Retailer Tesco has launched its own channel on the IFTTT platform, enabling customers to automate parts of the shopping process and make baskets smarter. IoT is coming into your home…
If you haven’t heard of IFTTT yet, it’s already been described as the glue that holds the Internet of Things (IoT) together. IFTTT stands for ‘If This Then That’. It’s a handy platform that allows users to join all of their different accounts and devices in one place, while creating relationships and connections between them.
These connections are known as ‘recipes’, and are set up in the structure of ‘If this happens, then that should happen’- there simply needs to be a trigger and a resulting action. Some basic examples could be for Instagram photos to be automatically uploaded to Dropbox, or for the user’s heating to come on once they are within a certain distance of the house.
Equally, Tesco’s new channel will allow users to set parameters with regards to shopping. In a company blog post, Paul Wilkinson from Tesco Labs outlined the retailer’s hopes and expectations for the move.
He said: “We’ve created our own channel on IFTTT with two triggers and a single action. You can now trigger any other action on IFTTT if the price of a Tesco product changes or if it goes below a certain price. On the action side you can use any of the triggers to add a specified item into your basket.”
So what does this mean for Tesco customers? Shopping through the Tesco channel on IFTTT, users can now select a range of triggers and consequences. For example, if the weather forecast is due to be sunny this weekend, they can arrange for barbeque supplies to be added the basket. Or more simply, if the price of beef drops below a certain amount, IFTTT will add it to the basket.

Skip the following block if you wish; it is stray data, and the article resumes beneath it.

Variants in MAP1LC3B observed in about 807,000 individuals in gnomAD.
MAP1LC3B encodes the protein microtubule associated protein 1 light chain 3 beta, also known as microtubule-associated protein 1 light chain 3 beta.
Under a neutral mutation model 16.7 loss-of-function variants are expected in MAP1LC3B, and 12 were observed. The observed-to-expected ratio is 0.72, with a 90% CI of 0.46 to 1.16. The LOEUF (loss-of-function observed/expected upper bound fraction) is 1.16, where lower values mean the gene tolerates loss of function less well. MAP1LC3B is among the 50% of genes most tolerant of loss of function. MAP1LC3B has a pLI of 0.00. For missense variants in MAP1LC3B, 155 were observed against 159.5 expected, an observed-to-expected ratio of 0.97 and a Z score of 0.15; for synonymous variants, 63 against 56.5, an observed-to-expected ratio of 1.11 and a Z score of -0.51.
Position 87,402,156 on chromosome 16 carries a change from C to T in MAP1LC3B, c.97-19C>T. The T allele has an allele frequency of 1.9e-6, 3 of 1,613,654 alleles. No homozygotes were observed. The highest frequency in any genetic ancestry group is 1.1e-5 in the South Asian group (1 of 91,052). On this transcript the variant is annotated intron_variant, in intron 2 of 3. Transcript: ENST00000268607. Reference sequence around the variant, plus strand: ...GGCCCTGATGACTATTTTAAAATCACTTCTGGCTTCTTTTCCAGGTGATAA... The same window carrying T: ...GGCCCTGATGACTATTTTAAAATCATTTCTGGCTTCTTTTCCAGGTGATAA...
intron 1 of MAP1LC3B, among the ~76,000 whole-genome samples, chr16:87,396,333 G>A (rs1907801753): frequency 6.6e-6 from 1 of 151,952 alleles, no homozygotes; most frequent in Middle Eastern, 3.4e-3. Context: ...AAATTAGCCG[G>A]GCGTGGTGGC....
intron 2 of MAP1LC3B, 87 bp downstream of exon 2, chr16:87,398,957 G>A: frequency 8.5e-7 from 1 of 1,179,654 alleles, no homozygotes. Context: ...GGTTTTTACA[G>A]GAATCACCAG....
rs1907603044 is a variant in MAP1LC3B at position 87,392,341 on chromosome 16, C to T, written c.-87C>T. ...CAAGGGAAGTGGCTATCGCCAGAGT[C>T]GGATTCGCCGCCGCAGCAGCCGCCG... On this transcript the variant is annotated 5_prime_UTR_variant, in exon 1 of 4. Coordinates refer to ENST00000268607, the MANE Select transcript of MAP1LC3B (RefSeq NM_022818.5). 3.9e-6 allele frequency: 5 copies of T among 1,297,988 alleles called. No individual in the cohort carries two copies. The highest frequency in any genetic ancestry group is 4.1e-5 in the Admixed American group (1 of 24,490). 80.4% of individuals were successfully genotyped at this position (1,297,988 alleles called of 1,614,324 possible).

It’s a move that certainly offers Tesco customers more flexibility, as well as a hint at how automated shopping could become in the near future.
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Everyone’s a winner with IoT
Speaking exclusively with Internet of Business, Fred de Haro, CEO of Pycom, highlighted how this move is likely to benefit both Tesco and its customers.
“Tesco wants you to find shopping quicker, easier and more economic”, he said. “It’s a natural step in connecting our lives more and more with the suppliers we use every day. In time it will be connected to the fridge and the cupboard we put the food in.”
But it isn’t just about increasing customer loyalty. Fred de Haro said that “IoT is also about driving more efficiency so you save money as a business. I therefore wouldn’t be surprised if there’s a business case behind this that is linked to a wider efficiency drive. When a company can better predict your habits they will have a better forecasting ability on the supply chain, be in a position to improve wastage, make better ranging decisions with suppliers, and often don’t need to spend as much to acquire you as a customer – instead they put effort into retaining you. Overall it works, because the customer wants the benefit of convenience and the brand wants all the benefits that are derived from loyalty.”
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